Business Insider

This Idaho distillery is the biggest in the West. We can thank a failed idea for that.

The Ottley family and other families bought Silver Creek Distillery in the 1980s and converted it to make beverage-quality spirits. From there, they made their Silver Creek Vodka until 1996. Now they make spirits and develop brands for other companies.
The Ottley family and other families bought Silver Creek Distillery in the 1980s and converted it to make beverage-quality spirits. From there, they made their Silver Creek Vodka until 1996. Now they make spirits and develop brands for other companies.

This article first appeared in the Spring/Summer 2017 edition of Good Spirits magazine, published for the Idaho State Liquor Division. It appears in the Nov. 21-Dec. 19, 2018, edition of the Statesman’s Business Insider magazine as part of the edition’s special coverage of the business of alcohol. Reprinted by permission.

The industrial plant that fueled Idaho’s modern craft liquor story initially had nothing to do with liquor. The plant just outside of Rigby in eastern Idaho was built in 1980 on a well-intentioned but failed proposal: to use the state’s potatoes to create environmentally friendly fuel.

Turns out, potatoes are an inefficient source of fuel alcohol. Knowing that potatoes can make great vodka, the founders of Distilled Resources Inc. (Drinc, as in “drink”) purchased the ethanol plant in 1988 and re-engineered the equipment.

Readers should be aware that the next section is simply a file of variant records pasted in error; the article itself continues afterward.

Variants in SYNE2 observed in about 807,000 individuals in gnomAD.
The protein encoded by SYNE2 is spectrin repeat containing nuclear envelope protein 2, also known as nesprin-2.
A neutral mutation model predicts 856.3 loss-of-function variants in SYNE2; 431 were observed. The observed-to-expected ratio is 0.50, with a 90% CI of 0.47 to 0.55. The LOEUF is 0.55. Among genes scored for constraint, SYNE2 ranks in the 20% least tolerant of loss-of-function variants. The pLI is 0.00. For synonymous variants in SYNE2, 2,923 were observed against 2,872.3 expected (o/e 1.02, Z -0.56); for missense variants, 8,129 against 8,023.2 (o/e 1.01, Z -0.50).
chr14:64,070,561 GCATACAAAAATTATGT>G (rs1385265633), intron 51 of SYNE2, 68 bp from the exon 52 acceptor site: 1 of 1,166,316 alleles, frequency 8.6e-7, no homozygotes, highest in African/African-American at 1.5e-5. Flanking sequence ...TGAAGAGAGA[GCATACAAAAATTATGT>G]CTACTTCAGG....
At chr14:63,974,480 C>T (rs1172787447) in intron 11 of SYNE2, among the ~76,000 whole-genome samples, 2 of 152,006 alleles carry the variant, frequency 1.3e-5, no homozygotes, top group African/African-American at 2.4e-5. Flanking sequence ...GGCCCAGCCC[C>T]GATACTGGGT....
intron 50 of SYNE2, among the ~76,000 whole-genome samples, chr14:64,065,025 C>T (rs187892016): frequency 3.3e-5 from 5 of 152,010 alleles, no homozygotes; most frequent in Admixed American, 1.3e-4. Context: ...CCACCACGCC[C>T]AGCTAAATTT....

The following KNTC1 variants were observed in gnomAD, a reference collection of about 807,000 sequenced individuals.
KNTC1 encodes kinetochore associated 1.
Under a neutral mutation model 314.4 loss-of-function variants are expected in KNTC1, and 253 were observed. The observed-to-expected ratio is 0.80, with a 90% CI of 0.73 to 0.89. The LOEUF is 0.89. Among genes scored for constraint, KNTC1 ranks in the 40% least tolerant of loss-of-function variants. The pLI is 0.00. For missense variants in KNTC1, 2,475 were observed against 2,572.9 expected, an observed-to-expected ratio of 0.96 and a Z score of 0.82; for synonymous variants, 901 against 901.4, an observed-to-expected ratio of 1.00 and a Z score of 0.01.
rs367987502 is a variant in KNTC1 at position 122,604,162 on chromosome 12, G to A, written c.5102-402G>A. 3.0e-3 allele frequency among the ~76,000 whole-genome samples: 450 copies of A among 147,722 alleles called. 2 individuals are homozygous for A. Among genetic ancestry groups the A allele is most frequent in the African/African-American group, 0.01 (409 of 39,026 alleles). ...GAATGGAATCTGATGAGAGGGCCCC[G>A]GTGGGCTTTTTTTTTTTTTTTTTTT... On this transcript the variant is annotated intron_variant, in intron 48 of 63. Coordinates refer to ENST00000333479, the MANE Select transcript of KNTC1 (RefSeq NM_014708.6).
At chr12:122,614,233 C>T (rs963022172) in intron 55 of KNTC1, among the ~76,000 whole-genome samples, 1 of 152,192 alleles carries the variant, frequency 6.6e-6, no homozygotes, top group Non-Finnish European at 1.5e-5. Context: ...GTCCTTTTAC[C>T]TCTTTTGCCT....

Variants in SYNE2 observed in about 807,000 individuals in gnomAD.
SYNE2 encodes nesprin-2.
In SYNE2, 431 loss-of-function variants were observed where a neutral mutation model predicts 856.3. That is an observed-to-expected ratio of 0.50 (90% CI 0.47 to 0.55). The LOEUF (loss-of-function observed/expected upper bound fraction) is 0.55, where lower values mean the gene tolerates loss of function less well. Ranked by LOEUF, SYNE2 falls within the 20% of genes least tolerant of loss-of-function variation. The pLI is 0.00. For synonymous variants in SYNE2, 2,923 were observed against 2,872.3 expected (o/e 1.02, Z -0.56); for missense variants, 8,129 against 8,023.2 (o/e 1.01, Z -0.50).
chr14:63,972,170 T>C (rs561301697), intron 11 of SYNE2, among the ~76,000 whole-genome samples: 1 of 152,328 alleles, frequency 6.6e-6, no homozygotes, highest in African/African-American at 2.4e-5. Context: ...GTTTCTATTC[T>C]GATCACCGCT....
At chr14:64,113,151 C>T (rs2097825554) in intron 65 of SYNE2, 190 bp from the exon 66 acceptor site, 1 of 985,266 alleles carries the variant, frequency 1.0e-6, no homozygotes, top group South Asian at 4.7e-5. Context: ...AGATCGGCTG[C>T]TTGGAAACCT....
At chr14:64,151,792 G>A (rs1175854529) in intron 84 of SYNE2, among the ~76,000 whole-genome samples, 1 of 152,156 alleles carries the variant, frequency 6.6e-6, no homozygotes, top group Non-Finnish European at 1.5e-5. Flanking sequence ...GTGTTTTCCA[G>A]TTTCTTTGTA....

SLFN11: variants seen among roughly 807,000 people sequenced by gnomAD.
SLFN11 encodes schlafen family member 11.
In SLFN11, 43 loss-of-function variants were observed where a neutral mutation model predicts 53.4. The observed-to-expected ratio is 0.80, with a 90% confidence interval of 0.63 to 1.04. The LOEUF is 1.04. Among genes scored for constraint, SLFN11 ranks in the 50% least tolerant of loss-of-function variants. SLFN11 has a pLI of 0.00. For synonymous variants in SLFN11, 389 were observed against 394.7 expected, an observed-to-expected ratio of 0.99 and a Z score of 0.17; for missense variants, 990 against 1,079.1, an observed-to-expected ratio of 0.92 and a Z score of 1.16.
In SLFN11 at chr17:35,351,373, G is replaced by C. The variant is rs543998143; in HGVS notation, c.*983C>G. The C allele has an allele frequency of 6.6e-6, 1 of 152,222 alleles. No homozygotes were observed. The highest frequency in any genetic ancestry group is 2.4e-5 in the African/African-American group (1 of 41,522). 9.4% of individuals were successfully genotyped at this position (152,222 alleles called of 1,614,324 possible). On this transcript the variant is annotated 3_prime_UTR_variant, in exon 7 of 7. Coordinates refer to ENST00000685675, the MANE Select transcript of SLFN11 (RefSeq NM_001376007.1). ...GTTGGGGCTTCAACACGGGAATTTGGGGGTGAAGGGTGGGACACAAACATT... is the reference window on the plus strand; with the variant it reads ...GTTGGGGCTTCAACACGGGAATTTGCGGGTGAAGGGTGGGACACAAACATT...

Lest you think that making vodka from potatoes is a no-brainer, realize that most vodkas marketed in the U.S. are made instead from grains, including Grey Goose, Stolichnaya, Absolut, Pinnacle, Ketel One, Belvedere and Smirnoff. Though new craft distilleries are using spuds for vodka, Drinc lays claim to being America’s longest-running producer of potato vodka.

The founding families of Distilled Resources, the Ottleys and Kennedys, weren’t inspired by a fondness for vodka but by the business opportunity. “I have a love for Idaho and for manufacturing,” says Gray Ottley, “[but] no one in our business came from the liquor industry.”

Starting with a clean slate, however, brought them into the game “with innovative, fresh minds.”

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Drinc founder Gray Ottley

Drinc’s first vodka flowed from the stills in 1992, making it Idaho’s first legal distillery since Prohibition. (Well, perhaps the second — the company’s federal Distilled Spirits Plant, or DSP, number is 2, indicating that someone else was DSP-ID-1, but that distillery story remains a mystery.)

The leaders of Drinc steered the company toward another paradigm shift. Knowing that building a consumer brand involves branding and marketing in addition to distilling, they decided to go a different direction. As President Gray Ottley describes their thinking, “Let’s focus on making alcohol — what we’ve learned and invested in — and work with others in starting a brand.”

The business model focuses on building long-term relationships with external partners to develop cutting-edge, high-end spirits brands. As a farm-to-bottle distiller, blender and bottler, and recently a carbonated-spirits canner for cocktails, Drinc manages the production entirely. The DRinc team partners with Ignite Beverage Branding to drive each product efficiently through regulatory hurdles and through packaging, labeling and marketing.